If we are to have a Christmas fair again this year, we need someone to offer to chair and set up a committee. Please let anyone on the Leadership Team know if you would be willing to take on this role.

Thank you in anticipation.

TWELVE BASKETS                                                                                                           (after morning service on 17 March)

I’ve always been intrigued by the twelve baskets of food collected after the feeding of the five thousand. Apart from minor details (where did the baskets come from when they were in a lonely place? Why twelve? The twelve tribes of Israel?  The twelve disciples?)  I wondered why there was food left over, why the baskets were collected and what would happen to them.

Maybe this was a way of showing God’s extravagant generosity.  Not only did Jesus feed five thousand with a small quantity of bread and fish but there was a splendid surplus. Think of a sunflower head and all the many, many seeds it carries. Extravagant indeed!

Perhaps, as someone at our table suggested, the twelve baskets were intended for the twelve disciples, each one tasked with feeding, both physically and spiritually, other folk who were in need.

 I think my preferred explanation is that these twelve baskets of life-giving food were to feed those who weren’t among the five thousand.  Why weren’t they there? Too elderly, diseased or infirm, too poor to take a day off work – or just plain uninterested in what Jesus had to say? This reminds me of another verse in John 10:16 “There are other sheep which belong to me that are not in this sheepfold.  I must bring them too; they will listen to my voice, and they will become one flock with one shepherd.” I think the Jesus who came a second time to convince Thomas, missing at the first visit, is always searching for those who aren’t among the five thousand


Desperate Plea !

Owing to the well-deserved retirement of several members, we are now desperately short of helpers in the weekday Coffee Lounge, especially on Thursdays and Fridays, so much so that some people are scheduled to be on duty on alternate weeks – far too much to ask ! Please consider whether you could join the team, hopefully on a 4-week rotation. If you see me bearing down on you, don’t run away but be prepared with a very good excuse.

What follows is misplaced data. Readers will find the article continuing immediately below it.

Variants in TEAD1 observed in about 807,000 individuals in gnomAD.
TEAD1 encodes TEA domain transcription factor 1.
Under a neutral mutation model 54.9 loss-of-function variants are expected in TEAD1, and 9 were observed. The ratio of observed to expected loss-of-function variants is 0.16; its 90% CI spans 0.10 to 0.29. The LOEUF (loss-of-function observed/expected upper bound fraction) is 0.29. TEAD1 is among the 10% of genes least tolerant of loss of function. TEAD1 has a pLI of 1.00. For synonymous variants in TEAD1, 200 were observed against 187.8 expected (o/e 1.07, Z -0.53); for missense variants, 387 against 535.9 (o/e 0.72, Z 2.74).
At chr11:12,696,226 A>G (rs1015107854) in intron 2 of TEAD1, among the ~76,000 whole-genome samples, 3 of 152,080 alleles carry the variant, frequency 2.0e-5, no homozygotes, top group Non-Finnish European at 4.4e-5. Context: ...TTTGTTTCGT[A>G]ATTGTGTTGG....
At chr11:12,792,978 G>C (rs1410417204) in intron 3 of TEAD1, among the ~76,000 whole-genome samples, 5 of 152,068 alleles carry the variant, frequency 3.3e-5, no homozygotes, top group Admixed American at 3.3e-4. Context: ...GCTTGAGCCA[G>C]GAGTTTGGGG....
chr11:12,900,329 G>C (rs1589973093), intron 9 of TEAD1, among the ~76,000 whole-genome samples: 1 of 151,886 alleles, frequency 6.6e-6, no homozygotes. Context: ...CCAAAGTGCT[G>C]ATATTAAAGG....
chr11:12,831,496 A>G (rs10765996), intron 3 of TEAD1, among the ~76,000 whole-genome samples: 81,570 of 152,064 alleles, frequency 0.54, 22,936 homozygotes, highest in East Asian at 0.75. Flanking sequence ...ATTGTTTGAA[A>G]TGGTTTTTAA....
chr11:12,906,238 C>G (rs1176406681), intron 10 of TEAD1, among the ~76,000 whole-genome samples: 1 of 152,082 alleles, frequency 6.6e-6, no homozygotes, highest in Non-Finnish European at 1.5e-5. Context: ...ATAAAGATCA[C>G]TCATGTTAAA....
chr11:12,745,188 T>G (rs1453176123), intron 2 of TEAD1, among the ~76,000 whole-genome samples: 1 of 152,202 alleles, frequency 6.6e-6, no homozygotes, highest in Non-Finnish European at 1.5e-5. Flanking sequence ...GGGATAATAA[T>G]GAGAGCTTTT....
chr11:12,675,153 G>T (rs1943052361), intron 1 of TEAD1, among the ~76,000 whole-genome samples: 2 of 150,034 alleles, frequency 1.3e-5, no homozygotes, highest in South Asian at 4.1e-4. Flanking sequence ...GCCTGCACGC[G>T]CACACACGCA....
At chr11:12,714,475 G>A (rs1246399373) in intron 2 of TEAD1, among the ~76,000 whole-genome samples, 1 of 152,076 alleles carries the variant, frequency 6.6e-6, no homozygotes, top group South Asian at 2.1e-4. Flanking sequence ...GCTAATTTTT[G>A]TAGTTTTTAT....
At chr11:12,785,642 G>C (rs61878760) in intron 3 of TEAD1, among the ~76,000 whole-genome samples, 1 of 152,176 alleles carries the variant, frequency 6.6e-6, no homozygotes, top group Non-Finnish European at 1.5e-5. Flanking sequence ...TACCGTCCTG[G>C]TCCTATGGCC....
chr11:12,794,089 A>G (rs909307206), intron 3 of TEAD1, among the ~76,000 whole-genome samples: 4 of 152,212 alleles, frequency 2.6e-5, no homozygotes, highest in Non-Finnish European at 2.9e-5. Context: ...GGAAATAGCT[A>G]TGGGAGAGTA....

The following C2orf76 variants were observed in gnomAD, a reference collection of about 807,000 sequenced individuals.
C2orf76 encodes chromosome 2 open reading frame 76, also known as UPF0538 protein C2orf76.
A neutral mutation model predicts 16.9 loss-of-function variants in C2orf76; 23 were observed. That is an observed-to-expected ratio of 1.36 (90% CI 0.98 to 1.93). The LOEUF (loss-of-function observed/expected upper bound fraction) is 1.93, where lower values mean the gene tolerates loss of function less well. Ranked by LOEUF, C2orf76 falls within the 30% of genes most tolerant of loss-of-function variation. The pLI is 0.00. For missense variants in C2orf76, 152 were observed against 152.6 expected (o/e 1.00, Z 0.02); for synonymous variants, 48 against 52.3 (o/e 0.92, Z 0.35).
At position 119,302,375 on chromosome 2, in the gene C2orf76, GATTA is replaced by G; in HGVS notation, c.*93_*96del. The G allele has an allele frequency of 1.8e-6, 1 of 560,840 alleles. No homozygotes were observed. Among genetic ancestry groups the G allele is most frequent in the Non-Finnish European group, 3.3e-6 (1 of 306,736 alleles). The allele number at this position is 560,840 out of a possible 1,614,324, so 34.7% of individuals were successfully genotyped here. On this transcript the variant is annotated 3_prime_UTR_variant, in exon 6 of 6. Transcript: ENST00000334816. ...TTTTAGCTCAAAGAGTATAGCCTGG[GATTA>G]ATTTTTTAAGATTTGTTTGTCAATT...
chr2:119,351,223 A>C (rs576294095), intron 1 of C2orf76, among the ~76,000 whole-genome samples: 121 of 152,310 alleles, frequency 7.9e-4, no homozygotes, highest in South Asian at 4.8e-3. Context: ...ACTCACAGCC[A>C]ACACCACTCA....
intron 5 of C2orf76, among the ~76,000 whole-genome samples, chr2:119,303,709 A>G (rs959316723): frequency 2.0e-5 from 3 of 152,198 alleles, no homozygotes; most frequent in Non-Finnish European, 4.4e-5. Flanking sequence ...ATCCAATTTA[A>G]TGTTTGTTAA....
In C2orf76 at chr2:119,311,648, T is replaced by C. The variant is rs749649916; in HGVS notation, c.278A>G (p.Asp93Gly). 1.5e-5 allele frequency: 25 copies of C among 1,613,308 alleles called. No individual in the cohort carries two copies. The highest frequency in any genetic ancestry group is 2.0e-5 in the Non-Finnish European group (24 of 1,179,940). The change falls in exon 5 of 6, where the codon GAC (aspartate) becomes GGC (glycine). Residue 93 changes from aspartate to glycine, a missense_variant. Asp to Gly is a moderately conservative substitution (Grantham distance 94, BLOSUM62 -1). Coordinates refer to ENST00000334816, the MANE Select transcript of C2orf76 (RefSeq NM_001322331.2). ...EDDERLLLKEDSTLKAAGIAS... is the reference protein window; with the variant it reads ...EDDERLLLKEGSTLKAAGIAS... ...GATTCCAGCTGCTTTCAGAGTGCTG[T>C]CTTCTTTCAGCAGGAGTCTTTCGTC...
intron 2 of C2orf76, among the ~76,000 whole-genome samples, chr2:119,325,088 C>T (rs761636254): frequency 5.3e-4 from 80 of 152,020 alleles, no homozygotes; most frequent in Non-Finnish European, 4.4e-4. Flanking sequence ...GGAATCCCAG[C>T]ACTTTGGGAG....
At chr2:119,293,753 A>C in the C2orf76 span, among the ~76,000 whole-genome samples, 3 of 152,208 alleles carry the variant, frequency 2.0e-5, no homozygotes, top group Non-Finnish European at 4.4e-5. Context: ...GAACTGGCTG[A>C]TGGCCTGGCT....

Welcome to My World

Joan Rowe


Can you briefly tell us a little about yourself?

I am between 73 and 75 years old and was married to Alan (Shirley's brother) for 55 years last September. He passed away on the 13th November 2018. We moved into independent living accommodation at Crookes in October 2017 but unfortunately Alan couldn't settle (he had Alzheimers) and went into care shortly afterwards so I now live alone with support from family.

Alan, Jonathan and I were some of the £10 poms who went to Australia in 1965 where we stayed for 4 years. We lived in Ulverstone, Tasmania but came home due to the ill health of my mother.

On our return to the UK we had two girls, Joanne and Lindsay.

What role(s) do you have in our Church?

I have started to build a new life for myself over the past few months, including helping at lunch club and coffee mornings which I enjoy

When did you first come to Banner Cross Methodist Church; and what were your impressions at that time?

I have been to Banner Cross over the years for "special occasions" but not on a regular basis as it was too far to travel from Stocksbridge. But when Alan went into care I felt I think "a compulsion" to attend regularly though I was a bit doubtful at walking into a church full of people I didn't know.

Have your first impressions changed at all?

The warmth and welcome of everyone put me at my ease and I think without the support and love of special people I wouldn't have got through losing Alan so easily, so thank you.

What hobbies or interests fill any “spare” time?

My family are not convinced of one of my hobbies which is attending every Alfie Boe concert I can afford to attend! I went with a friend to the Open Air theatre in Scarborough the year when there was a deluge of biblical proportions! He is coming to the City Hall at the end of March so you can just guess where I will be, I will be running out of spaces to put his autographs soon. But it won't stop me getting a few more.

I enjoy knitting but don't do so much now. I enjoy taking my youngest grandchildren to the cinema and for a meal afterwards. I am very lucky they still want to go out with "the old grey haired granny" as I am called. I’ve always loved history including Egyptology.

What books do you enjoy reading?

I have over 3000 books on my Kindle so that keeps me entertained. I love to read Regency novels. I was given an Echo Dot at Christmas and an Amazon Firestick for my birthday  both of which needed the help of an 11 year old to set them up!

What music do you enjoy listening to?

I often have Classic FM on at home, but also like 50s and 60s music, films and musicals. And my Alfie of course!

Please give us one fact about yourself that we may find surprising.